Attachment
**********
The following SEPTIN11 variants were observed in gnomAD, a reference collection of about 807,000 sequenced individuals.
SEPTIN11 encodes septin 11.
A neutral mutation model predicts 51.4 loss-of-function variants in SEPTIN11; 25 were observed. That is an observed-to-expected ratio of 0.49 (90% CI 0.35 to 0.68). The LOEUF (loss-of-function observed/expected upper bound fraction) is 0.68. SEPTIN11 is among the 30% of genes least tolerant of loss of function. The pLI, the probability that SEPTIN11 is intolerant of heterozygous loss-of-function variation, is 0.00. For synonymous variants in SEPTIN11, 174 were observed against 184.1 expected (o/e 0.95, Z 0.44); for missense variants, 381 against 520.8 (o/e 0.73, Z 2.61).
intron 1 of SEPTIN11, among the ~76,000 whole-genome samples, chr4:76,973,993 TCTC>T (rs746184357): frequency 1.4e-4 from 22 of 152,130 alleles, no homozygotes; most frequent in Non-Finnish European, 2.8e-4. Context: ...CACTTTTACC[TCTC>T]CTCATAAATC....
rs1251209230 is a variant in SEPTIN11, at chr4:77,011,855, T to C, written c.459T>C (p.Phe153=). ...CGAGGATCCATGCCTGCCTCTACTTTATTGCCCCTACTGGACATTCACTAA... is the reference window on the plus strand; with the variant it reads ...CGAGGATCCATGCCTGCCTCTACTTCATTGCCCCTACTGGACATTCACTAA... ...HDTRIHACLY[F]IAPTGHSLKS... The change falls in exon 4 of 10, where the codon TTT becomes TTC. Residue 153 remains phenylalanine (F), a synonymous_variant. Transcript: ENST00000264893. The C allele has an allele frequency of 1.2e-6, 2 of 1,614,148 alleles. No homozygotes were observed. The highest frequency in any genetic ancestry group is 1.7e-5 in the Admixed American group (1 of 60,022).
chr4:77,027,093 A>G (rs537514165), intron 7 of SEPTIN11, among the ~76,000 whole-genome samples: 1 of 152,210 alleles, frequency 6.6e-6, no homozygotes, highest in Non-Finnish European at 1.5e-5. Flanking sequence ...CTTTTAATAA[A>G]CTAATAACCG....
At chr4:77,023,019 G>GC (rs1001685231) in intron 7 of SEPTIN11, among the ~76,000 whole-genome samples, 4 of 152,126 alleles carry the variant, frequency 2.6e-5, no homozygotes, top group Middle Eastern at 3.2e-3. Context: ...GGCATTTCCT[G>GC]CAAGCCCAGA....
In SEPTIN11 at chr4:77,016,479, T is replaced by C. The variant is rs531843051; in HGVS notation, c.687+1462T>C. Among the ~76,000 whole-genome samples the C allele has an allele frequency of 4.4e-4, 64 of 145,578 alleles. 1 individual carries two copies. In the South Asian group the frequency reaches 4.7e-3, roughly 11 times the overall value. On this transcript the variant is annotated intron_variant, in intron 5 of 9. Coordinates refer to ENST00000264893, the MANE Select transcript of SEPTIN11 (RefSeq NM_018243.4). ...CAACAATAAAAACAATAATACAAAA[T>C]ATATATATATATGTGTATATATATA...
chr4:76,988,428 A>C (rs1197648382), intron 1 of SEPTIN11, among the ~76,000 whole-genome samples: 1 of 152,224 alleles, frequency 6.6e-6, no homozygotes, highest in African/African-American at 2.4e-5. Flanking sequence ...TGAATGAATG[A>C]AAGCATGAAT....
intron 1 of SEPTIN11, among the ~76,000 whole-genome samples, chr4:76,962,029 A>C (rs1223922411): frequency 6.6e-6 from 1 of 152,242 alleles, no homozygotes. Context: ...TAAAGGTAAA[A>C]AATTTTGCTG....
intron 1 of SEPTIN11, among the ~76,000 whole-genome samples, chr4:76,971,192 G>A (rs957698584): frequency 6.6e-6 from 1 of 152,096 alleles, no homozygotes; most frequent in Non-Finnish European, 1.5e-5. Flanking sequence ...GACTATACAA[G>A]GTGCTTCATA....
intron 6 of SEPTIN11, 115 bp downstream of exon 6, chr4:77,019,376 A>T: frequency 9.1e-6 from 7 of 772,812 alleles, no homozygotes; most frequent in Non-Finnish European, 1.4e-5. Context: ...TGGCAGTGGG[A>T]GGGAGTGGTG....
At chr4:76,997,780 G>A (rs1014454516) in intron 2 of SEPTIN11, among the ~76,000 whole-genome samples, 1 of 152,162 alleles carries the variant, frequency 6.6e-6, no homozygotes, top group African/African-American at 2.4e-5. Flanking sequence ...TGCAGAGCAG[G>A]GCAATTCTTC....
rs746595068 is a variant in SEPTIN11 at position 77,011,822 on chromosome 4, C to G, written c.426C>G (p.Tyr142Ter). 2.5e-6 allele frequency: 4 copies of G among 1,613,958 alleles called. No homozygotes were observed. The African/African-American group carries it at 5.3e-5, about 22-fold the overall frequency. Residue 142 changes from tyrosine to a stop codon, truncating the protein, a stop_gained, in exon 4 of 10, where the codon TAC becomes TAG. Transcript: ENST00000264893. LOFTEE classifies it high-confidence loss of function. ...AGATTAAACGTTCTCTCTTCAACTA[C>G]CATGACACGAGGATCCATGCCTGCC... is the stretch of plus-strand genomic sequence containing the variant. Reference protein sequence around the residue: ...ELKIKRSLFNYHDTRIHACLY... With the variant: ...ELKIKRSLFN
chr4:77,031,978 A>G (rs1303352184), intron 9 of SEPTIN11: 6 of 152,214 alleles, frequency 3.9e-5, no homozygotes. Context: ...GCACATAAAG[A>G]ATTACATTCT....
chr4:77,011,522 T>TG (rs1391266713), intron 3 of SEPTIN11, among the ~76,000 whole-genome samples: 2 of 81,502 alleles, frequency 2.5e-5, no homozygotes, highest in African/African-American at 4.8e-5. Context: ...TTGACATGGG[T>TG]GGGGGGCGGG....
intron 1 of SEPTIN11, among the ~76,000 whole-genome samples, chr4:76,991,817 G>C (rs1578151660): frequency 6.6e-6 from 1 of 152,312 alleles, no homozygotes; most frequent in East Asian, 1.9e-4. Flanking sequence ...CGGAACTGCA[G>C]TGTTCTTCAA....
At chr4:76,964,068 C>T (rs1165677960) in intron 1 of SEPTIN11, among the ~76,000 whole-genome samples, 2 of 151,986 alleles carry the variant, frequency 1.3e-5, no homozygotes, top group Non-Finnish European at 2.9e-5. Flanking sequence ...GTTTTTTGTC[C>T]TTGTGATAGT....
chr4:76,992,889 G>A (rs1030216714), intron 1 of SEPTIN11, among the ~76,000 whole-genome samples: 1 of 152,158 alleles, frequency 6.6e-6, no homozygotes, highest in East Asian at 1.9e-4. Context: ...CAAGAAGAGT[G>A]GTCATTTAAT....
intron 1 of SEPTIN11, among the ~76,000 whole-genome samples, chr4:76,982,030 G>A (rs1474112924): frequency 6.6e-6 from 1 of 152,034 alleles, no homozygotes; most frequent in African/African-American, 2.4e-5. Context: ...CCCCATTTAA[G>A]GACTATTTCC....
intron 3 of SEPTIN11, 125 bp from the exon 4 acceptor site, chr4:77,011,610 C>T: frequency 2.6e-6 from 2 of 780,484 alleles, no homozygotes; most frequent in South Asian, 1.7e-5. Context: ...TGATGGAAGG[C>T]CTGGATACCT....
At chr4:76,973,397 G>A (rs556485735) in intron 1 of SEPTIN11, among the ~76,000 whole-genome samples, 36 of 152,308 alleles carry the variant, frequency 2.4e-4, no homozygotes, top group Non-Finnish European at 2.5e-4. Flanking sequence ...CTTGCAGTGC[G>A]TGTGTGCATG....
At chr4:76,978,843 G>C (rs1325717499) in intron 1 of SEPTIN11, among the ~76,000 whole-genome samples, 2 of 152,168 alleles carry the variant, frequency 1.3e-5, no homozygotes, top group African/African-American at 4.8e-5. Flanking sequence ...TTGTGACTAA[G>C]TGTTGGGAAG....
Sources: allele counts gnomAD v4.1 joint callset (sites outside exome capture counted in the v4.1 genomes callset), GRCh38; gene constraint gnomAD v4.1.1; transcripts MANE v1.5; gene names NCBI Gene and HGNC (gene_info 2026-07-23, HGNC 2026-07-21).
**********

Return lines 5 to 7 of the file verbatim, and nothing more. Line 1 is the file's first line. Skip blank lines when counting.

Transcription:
rs1251209230 is a variant in SEPTIN11, at chr4:77,011,855, T to C, written c.459T>C (p.Phe153=). ...CGAGGATCCATGCCTGCCTCTACTTTATTGCCCCTACTGGACATTCACTAA... is the reference window on the plus strand; with the variant it reads ...CGAGGATCCATGCCTGCCTCTACTTCATTGCCCCTACTGGACATTCACTAA... ...HDTRIHACLY[F]IAPTGHSLKS... The change falls in exon 4 of 10, where the codon TTT becomes TTC. Residue 153 remains phenylalanine (F), a synonymous_variant. Transcript: ENST00000264893. The C allele has an allele frequency of 1.2e-6, 2 of 1,614,148 alleles. No homozygotes were observed. The highest frequency in any genetic ancestry group is 1.7e-5 in the Admixed American group (1 of 60,022).
chr4:77,027,093 A>G (rs537514165), intron 7 of SEPTIN11, among the ~76,000 whole-genome samples: 1 of 152,210 alleles, frequency 6.6e-6, no homozygotes, highest in Non-Finnish European at 1.5e-5. Flanking sequence ...CTTTTAATAA[A>G]CTAATAACCG....
At chr4:77,023,019 G>GC (rs1001685231) in intron 7 of SEPTIN11, among the ~76,000 whole-genome samples, 4 of 152,126 alleles carry the variant, frequency 2.6e-5, no homozygotes, top group Middle Eastern at 3.2e-3. Context: ...GGCATTTCCT[G>GC]CAAGCCCAGA....